UK teenagers are less happy with their lives than those in many other nations, with girls much less satisfied than their male classmates, an international report has found.
It reveals that the nation is lagging behind other countries including the US, Germany and Latvia when it comes to young people's social and emotional lives.
As well as being less satisfied with life, the UK's teenagers are more likely to face exam anxiety and bullying than many of their peers, an international report has found.
And there is a major gender gap, with girls more likely to worry about their exams, according to the latest report by the Organisation for Economic Co-operation and Development (OECD).
The study - based on the OECD's Programme for International Student Assessment (Pisa) tests, which are taken by 15-year-olds around the world - found that, on a scale of one to 10, British pupils had an average satisfaction of 6.98, compared with the OECD average of 7.31.
This puts the UK behind nations such as France (7.63), Germany (7.35), Spain (7.42), Latvia (7.37) and the US (7.36), but ahead of others such as Japan (6.80), Turkey (6.12) and Korea (6.36).
Among those with the highest ratings were Mexico (8.27) and Finland (7.89).
Overall, the UK took 38th place for life satisfaction, out of 48 OECD countries, and partner nations. Among OECD countries alone, it was 23rd out of 28.
UK boys had an average score of 7.31, compared to 6.64 for UK girls - a gap larger than the OECD average.
This is a bigger gap than in 17 other countries, and only ahead of Turkey, Greece, Korea and Italy within the OECD nations.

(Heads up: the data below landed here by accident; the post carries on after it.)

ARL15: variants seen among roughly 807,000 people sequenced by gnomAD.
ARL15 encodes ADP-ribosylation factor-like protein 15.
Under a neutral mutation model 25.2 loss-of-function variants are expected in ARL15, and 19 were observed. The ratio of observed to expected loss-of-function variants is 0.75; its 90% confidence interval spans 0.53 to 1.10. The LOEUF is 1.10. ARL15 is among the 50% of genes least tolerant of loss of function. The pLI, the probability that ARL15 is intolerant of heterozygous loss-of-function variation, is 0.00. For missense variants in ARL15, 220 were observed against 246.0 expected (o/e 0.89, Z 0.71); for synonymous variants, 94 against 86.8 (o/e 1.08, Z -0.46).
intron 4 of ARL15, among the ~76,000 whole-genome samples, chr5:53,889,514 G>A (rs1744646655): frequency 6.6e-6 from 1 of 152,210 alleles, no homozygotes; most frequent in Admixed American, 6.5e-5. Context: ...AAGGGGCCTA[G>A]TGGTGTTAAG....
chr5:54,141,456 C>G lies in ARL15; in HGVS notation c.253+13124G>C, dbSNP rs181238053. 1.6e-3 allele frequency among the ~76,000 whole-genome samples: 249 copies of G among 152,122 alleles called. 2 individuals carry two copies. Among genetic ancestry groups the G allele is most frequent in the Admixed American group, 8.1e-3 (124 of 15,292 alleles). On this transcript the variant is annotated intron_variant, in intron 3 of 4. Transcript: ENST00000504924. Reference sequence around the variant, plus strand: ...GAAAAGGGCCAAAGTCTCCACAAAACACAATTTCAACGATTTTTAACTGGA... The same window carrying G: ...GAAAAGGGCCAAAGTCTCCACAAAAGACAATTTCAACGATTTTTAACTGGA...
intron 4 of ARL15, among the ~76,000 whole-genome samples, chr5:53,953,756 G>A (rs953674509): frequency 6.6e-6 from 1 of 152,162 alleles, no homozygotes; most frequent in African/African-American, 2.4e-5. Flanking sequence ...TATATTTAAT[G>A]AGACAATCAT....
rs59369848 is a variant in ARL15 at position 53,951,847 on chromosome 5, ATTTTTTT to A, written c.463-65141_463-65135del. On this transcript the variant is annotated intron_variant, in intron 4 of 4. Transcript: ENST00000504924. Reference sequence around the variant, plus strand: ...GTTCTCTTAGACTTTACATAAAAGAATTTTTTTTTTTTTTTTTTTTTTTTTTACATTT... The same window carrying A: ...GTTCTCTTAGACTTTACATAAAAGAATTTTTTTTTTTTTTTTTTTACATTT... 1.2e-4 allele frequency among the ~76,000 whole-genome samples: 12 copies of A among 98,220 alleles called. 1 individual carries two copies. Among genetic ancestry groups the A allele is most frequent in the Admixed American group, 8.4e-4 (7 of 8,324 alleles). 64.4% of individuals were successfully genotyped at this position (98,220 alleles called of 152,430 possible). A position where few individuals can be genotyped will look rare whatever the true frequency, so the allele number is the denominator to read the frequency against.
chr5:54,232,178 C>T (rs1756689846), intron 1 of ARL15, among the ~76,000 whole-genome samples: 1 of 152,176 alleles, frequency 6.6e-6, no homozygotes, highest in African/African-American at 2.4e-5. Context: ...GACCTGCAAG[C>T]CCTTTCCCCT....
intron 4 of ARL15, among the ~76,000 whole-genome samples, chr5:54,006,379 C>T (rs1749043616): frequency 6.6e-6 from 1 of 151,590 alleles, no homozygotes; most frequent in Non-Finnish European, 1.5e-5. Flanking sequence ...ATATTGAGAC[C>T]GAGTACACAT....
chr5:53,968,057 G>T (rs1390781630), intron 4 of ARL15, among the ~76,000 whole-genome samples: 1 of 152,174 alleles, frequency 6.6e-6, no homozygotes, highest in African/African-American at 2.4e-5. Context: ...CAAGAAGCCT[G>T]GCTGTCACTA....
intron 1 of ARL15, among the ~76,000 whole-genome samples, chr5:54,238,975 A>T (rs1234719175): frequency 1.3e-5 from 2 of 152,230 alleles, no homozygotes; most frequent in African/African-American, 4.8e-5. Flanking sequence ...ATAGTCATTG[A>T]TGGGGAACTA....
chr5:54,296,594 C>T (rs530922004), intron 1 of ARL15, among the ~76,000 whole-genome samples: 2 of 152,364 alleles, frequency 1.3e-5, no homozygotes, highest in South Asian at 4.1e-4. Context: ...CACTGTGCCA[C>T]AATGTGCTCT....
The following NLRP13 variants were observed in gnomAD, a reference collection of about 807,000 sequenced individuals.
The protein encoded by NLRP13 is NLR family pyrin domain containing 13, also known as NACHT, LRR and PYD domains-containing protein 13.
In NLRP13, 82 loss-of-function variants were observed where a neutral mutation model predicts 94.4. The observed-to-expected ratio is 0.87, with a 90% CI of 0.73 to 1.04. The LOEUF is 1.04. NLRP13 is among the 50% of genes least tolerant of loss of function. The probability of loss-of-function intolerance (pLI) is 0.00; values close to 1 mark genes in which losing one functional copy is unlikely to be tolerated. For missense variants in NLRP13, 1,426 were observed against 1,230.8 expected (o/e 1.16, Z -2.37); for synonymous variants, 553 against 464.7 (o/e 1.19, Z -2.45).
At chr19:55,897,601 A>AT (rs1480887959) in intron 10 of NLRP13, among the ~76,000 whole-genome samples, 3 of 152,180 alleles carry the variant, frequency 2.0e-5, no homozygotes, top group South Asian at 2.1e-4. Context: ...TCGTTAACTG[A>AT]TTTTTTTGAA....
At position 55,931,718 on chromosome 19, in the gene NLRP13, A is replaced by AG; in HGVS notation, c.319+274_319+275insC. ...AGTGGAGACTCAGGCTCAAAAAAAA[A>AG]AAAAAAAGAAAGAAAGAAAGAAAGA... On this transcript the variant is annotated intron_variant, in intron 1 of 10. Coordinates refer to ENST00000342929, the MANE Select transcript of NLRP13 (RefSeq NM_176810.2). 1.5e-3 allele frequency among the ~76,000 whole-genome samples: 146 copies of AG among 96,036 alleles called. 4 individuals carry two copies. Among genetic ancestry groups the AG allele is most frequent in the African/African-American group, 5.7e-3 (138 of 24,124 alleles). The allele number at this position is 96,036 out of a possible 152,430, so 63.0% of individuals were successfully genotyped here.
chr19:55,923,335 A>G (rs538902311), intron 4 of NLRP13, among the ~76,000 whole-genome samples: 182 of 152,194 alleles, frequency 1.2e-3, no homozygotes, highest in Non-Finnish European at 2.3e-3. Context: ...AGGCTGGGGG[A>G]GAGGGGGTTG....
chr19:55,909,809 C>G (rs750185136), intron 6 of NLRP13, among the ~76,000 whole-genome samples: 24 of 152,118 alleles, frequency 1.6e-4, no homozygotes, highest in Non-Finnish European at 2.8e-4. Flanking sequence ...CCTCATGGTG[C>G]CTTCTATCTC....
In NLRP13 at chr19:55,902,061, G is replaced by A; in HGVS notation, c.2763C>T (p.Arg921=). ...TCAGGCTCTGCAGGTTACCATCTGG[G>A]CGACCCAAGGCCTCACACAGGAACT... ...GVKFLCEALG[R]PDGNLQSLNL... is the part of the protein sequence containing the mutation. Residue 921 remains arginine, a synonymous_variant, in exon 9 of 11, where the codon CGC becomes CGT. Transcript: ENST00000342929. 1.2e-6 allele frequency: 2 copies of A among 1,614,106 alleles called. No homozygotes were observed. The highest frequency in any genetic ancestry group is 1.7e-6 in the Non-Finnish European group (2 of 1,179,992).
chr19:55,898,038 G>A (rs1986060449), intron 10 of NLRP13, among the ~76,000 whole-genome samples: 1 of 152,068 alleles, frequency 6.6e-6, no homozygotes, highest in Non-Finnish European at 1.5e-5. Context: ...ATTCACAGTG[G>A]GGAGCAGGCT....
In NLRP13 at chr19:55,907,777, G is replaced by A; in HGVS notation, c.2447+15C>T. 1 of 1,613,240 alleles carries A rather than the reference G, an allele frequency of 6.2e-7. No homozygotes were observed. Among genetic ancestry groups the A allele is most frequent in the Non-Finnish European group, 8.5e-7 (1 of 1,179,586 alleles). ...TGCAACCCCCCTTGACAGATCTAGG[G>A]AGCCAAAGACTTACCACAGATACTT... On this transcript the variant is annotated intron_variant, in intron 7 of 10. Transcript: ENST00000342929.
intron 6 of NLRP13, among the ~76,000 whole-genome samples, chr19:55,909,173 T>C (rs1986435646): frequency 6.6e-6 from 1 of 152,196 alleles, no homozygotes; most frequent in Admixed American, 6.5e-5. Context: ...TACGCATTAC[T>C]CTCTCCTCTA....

In Japan alone, girls had higher life satisfaction than boys.
Gabriela Ramos, OECD chief of staff, said that the report showed some "worrisome" results for gender that need to be tackled.
"Again, we confirm, and this is evidence, that girls report lower levels of satisfaction, that they are subject to a lot of pressures, from social media, that they are less happy with themselves," she said.
The report notes: "Pisa 2015 does not collect data on students' body image, but other research suggests that exposure to images of overly thin girls and young women in traditional media and to photo-sharing in new social media has a significant negative impact on adolescent girls' satisfaction with themselves."
Around 540,000 students took part in the latest Pisa tests, representing around 29 million 15-year-olds in 72 participating countries and economies.
The findings show that British pupils' time at schools is more regularly marred by bullying, with almost a quarter of British students (24%) having fallen victim to any type of it, compared to 19% across OECD nations and economies.
Anxiety was also found to be permeating the British classroom, where 72% of students reported worrying about tests even if they were well-prepared, compared with 55% on average.
Again, a gender breakdown shows that three quarters (76.3%) of UK girls say they worry about getting poor grades, compared to 58.6% of their male class mates.
Girls were also more likely to say they feel very anxious before a test and get tense when they study.
Ms Ramosa said: "Across the OECD countries, students that reported the highest levels of anxiety also recorded a low level of life satisfaction."
She noted "I think the UK is one of the champions in terms of putting a lot of pressure on for tests", adding that this increases anxiety.
The reported lack of happiness teenagers have in British schools is offset by their high ambitions, the report found.
The vast majority of pupils (90%) claimed they wanted to be the best in their every endeavour, dwarfing the 65% international average, while 76% said they wanted to be the best in their class, compared to the 59% OECD average.
UK teenagers also have a high level of support from their parents, with 93% saying that their mothers and fathers encourage them to be confident, and 84% saying their parents are interested in what they do at school.
Barnardo's chief executive Javed Khan said: "These findings highlight just how vital it is for children to have someone who believes in them.
"A caring home is essential to children's wellbeing and children themselves have told us that having someone to love, listen to, support and trust them is vital for them to lead happy lives."